"Exciting Chase Scenes"
What You Need To Know:
PREMIUM RUSH is a lightweight but exciting chase movie. Joseph Gordon-Levitt does a good job in his role as the bike messenger. The movie’s story could be better constructed, however. Also, the movie’s moral, anti-communist elements are mixed with some immoral behavior and overt references to Taoism and Buddhism. Finally, there are too many obscenities and profanities. So, extreme caution is warranted for PREMIUM RUSH.
(PaPa, FRFR, BB, ACAC, LL, VV, S, A, DD, MM) Strong mixed pagan worldview with some solid references to Taoism and Buddhism, but also some strong moral elements with a strong Anti-Communist, anti-totalitarian spin attacking the evils of China’s neo-fascist regime led by Communist Party officials; 80 obscenities (including 3 “f” words) and 22 profanities, plus the middle finger is given multiple times; strong action violence includes bike crashes that include injuries and some blood, people get run over by cars, a man gets shot in the back of his head, and almost constant chasing with some fantasy violence such as bike rider imagines getting run over by a delivery truck if he takes a certain route; no sex scenes but some light sexual dialogue and passionate kissing; no nudity but female bike messengers where some revealing formfitting outfits; a man drinks a beer; drugs are briefly mentioned; and, strong miscellaneous immorality such as bike messengers often disregard the law by damaging cars on the road purposefully, main character steals a police officer’s bike to deliver a package, law enforcement is looked on poorly even though they’re just doing their job, and main characters lie with no consequences.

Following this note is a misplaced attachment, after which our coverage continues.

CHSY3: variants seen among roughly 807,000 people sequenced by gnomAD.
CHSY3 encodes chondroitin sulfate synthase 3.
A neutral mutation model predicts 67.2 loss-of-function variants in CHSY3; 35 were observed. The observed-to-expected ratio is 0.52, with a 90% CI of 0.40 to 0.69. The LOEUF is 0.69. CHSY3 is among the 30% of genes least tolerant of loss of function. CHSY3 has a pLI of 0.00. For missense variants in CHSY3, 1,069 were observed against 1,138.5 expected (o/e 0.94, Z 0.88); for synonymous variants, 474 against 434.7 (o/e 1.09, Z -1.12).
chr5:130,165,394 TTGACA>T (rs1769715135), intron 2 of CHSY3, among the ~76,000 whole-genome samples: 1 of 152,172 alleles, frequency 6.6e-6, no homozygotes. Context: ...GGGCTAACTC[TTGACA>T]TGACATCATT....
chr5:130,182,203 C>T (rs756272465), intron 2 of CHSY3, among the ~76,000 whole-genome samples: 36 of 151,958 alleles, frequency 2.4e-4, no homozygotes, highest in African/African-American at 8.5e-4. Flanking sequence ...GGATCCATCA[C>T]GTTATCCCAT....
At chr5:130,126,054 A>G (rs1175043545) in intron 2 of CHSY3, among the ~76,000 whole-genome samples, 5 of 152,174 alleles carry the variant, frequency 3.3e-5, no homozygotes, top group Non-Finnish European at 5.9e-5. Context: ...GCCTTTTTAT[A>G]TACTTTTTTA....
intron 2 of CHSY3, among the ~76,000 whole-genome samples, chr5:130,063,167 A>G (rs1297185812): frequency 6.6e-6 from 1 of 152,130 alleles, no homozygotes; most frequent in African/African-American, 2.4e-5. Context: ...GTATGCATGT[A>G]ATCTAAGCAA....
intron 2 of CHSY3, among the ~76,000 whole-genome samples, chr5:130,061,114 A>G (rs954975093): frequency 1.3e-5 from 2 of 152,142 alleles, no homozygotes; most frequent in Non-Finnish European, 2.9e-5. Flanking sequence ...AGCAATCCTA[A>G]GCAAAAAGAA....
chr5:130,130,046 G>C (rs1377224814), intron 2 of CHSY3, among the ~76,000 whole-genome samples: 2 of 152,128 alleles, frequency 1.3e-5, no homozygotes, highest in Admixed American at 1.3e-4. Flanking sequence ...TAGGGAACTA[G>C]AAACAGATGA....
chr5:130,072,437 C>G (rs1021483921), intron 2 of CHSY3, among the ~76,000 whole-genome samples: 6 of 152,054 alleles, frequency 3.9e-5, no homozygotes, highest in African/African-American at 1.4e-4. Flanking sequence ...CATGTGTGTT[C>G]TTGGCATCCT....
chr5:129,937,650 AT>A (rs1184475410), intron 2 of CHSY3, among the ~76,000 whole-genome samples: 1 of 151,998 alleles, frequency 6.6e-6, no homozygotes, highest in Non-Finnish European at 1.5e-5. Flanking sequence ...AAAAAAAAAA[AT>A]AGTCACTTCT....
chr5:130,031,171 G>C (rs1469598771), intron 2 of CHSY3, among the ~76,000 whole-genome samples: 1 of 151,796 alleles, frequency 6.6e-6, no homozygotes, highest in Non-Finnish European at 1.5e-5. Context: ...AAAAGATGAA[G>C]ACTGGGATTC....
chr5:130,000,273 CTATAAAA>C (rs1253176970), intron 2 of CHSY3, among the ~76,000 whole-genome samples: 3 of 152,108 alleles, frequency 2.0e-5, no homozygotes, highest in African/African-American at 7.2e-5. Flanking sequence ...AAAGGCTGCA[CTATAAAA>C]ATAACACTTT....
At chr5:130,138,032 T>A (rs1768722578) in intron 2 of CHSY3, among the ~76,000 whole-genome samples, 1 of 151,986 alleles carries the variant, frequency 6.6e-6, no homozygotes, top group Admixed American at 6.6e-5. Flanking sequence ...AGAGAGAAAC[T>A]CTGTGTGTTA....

PREMIUM RUSH is a fast-paced popcorn movie about a bike messenger in New York City given an almost impossible package to deliver. PREMIUM RUSH is entertaining, with some moral elements and an anti-totalitarian, anti-communist subplot, but has too many obscenities and profanities.
The movie stars Joseph Gordon-Levitt as Wilee, who loves being a bike messenger in New York City. Giving up being a lawyer, Wilee constantly rides with no breaks and excessive speed. Knowing Wilee’s the fastest of the bike messengers, Nima, who happens to be the Chinese roommate of Wilee’s girlfriend, hires him to make a delivery.
Once Wilee picks up the package, though, a cop named Bobby tries to stop him and steal the package. Instantly realizing this guy is not a good guy, Wilee races away from him and the chase begins.
Stopping at the police station to report Bobby, Wilee overhears that Bobby is actually a policeman himself, but clearly corrupt. The backstory is Bobby has a gambling addiction and needs desperately to pay back a Chinese gang. The gang told Bobby that if he picks up the package from Nima, he will get out of the debt he owes.
Not knowing any of this, Wilee moves forward to help Nima get the package to its destination. However, Nima has a very precious commodity in this delivery that adds even more excitement. It also gives the movie some moral elements.
Racing through all of Manhattan, Wilee gets stopped by an NYPD biking cop. At the same time, Wilee has been fighting with his girlfriend Vanessa, who’s being pursued by Manny, another messenger. Manny really has an interest in Vanessa and somehow gets Nima’s package. He challenges Wilee to a race in order to give Wilee back the package. The clock is ticking, and the package must be delivered. Will Wilee be able to deliver the package while fighting off the corrupt policeman, the bicycle cop, and Manny?
PREMIUM RUSH is a lightweight but exciting chase movie. Joseph Gordon-Levitt does a good job in his role as the bike messenger. The movie’s story could be better constructed, however. It isn’t fully compelling emotionally or intellectually, partly because the protagonist isn’t completely a good guy. There are some strong moral elements, especially in the second half. The protagonist does finally put himself in danger by helping someone in need. Included in those elements is a major Anti-Communist subplot involving the current neo-fascist Chinese government led by Communist Party despots. Extreme caution is advised for the movie’s negative elements, especially the excessive foul language and some positive overt references to Taoism and Buddhism.